An Interview With Comedian And Actor Brett Klein




Brett Klein is a comedian and actor who was a member of the Second City Teen Troupe; here is a link to his website:






Q: What made you want to be a comedian?


A: I was in a school play when I was 8 and got the biggest laugh of the show. The crowd’s roar felt better than anything I had experienced. I was okay at sports, but never a star… So, this was the first place I got real praise. I began making kids laugh in class, and then eventually my teacher recommended I take improv camps at The Second City in Detroit. As soon as I turned 12, I made my parents sign me up for the teen camp and knew from that moment on I wanted to make people laugh for a living. I was eventually selected for The Second City’s Teen Troupe, but then it disbanded when the theater closed down. I was 16 and hungry to get on stage, so I started doing stand up.


Q: How were you selected to be in Second City’s teen troupe?


A: I probably took more summer programs than anyone else in The Second City’s youth training center. I remember they let me take an extra camp for free once, because they needed more people. I placed into their advanced summer class and then was invited to audition for the teen troupe. The troupe had a short run, with practices every week and a show once a month.


Q: To what method of acting do you ascribe?


A: I received my BFA in Acting from Michigan State University, which teaches a number of methods. I’ve been trained in classical, contemporary, musical theatre, film and commercial. We learned various tools and exercises in vulnerability, listening, scoring, voice, movement, etc… Just the workload from that degree and performing in shows makes you a more disciplined actor. We learn about Stanislavski and “method acting”, but I (as well as my professors) have mixed feelings about the concept. It is useful to live offstage as your character for exercises and to learn more about how your character would respond in different situations. However, it is also important to be able to turn it off and not lose yourself. Don’t be a jerk to your cast and crew. Also, the most interesting part of acting to watch is an honest reaction between two scene partners. If you are so obsessed with just your own character, you will lose the objective and connection with your scene partner – this will create a very two-dimensional performance.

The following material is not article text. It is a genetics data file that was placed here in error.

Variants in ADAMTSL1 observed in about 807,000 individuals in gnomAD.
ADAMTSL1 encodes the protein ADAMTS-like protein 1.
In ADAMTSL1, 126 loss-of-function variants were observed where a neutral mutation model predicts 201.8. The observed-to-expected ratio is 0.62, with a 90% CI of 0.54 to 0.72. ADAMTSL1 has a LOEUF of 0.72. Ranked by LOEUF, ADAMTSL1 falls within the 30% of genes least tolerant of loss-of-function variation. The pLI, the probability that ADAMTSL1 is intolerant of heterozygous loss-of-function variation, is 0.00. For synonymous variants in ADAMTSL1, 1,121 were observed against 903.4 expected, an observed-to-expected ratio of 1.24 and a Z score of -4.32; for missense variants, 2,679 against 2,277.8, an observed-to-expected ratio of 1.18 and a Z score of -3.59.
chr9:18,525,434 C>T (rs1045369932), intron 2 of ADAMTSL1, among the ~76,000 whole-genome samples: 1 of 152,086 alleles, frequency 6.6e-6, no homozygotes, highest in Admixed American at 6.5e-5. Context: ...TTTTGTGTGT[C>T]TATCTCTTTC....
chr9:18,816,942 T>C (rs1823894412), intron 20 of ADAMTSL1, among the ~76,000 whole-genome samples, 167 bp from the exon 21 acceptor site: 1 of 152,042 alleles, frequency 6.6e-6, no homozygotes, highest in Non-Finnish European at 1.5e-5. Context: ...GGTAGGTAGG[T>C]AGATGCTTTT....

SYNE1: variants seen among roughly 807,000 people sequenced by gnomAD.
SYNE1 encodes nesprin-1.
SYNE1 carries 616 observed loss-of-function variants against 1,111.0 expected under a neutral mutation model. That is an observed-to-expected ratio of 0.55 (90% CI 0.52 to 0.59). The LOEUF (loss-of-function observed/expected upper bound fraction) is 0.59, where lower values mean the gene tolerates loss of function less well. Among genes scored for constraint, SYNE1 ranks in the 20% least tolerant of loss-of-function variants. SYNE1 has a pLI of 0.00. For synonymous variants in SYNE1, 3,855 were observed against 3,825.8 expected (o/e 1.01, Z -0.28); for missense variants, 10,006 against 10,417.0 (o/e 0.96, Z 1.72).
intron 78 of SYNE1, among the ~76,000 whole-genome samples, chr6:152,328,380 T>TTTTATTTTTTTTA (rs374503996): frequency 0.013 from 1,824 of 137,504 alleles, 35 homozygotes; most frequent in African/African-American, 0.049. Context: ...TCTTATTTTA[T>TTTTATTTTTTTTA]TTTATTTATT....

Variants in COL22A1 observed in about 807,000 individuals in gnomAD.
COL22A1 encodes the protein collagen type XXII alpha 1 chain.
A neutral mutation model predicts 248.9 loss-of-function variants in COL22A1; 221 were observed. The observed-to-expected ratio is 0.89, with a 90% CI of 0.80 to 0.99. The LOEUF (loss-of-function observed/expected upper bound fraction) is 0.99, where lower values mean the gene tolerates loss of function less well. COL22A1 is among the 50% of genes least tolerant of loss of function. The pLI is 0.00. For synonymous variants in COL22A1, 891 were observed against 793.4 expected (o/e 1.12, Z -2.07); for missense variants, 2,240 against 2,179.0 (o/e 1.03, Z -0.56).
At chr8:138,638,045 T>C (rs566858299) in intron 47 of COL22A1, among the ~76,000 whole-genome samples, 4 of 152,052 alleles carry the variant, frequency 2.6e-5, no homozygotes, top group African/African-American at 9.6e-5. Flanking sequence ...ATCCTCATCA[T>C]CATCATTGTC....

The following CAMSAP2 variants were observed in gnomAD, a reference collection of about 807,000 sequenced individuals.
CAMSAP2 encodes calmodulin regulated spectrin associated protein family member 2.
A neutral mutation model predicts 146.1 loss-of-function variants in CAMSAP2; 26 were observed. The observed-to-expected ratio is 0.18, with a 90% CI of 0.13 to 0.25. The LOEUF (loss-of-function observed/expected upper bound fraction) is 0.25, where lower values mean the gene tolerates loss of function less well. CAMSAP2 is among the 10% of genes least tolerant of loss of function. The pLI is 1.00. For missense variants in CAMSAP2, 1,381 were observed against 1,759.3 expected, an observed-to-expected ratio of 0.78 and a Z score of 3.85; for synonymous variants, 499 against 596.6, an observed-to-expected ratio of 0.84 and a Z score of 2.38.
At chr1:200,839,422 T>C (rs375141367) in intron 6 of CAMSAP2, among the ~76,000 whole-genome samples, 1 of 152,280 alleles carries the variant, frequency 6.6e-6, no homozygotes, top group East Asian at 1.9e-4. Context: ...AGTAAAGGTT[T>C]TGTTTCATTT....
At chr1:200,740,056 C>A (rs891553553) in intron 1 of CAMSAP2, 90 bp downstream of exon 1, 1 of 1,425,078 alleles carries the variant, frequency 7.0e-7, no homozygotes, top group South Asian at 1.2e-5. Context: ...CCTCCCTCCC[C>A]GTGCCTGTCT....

Q: What makes your stand up routine unique?


A: I incorporate music and spoken bits, which are inspired from my life and other random thoughts. My act has been described as “comedy with ADD”. I often will bring up a guitar and play original songs and raps, with jokes scattered in between. Just out of college, a fair amount of material has been inspired from college life. I try to bring a lot of energy to the stage and make it a performance with some physical comedy rather than just a guy reciting jokes. This is particularly the case in my rap song, “Kosher Sausage”.


Q: Who are some of your comedic influences?


A: Stand Up:

Stephen Lynch, Flight of the Conchords, Steve Martin, Mitch Hedberg, Patton Oswalt, Eddie Murphy, Louis CK, Dave Chappelle, Robin Williams, Jim Jefferies and Bill Cosby.



Chris Farley, John Belushi, Dana Carvey, Mike Myers, Adam Sandler, Chevy Chase, Will Ferrell and Dan Aykroyd.


Also, a number of national headliners who aren’t as famous, but I’ve worked with and/or seen a lot:

J Chris Newberg, Dave Landau, Bill Bushart, Chris D’Elia, Buddy Bolton.


Q: How do you deal with a heckler?